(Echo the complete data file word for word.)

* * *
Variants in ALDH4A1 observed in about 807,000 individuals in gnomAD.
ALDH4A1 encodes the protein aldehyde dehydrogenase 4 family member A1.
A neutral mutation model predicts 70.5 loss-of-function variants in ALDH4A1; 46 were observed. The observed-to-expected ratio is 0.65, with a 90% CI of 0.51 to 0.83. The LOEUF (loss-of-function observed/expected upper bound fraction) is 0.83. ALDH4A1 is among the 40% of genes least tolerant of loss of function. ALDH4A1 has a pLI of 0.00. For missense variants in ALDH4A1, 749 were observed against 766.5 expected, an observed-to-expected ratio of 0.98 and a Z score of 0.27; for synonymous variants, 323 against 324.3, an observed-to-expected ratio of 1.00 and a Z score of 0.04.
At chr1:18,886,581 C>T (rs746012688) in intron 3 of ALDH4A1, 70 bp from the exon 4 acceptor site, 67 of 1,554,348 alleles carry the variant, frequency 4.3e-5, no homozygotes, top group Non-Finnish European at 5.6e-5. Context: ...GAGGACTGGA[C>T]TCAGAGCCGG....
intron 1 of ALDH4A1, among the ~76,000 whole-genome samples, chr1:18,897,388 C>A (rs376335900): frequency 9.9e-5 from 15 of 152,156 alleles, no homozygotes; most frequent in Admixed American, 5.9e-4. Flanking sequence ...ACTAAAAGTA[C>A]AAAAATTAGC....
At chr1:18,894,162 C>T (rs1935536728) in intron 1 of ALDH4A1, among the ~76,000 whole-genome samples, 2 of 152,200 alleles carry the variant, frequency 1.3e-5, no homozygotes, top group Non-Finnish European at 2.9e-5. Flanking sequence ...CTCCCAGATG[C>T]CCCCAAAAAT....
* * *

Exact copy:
Variants in ALDH4A1 observed in about 807,000 individuals in gnomAD.
ALDH4A1 encodes the protein aldehyde dehydrogenase 4 family member A1.
A neutral mutation model predicts 70.5 loss-of-function variants in ALDH4A1; 46 were observed. The observed-to-expected ratio is 0.65, with a 90% CI of 0.51 to 0.83. The LOEUF (loss-of-function observed/expected upper bound fraction) is 0.83. ALDH4A1 is among the 40% of genes least tolerant of loss of function. ALDH4A1 has a pLI of 0.00. For missense variants in ALDH4A1, 749 were observed against 766.5 expected, an observed-to-expected ratio of 0.98 and a Z score of 0.27; for synonymous variants, 323 against 324.3, an observed-to-expected ratio of 1.00 and a Z score of 0.04.
At chr1:18,886,581 C>T (rs746012688) in intron 3 of ALDH4A1, 70 bp from the exon 4 acceptor site, 67 of 1,554,348 alleles carry the variant, frequency 4.3e-5, no homozygotes, top group Non-Finnish European at 5.6e-5. Context: ...GAGGACTGGA[C>T]TCAGAGCCGG....
intron 1 of ALDH4A1, among the ~76,000 whole-genome samples, chr1:18,897,388 C>A (rs376335900): frequency 9.9e-5 from 15 of 152,156 alleles, no homozygotes; most frequent in Admixed American, 5.9e-4. Flanking sequence ...ACTAAAAGTA[C>A]AAAAATTAGC....
At chr1:18,894,162 C>T (rs1935536728) in intron 1 of ALDH4A1, among the ~76,000 whole-genome samples, 2 of 152,200 alleles carry the variant, frequency 1.3e-5, no homozygotes, top group Non-Finnish European at 2.9e-5. Flanking sequence ...CTCCCAGATG[C>T]CCCCAAAAAT....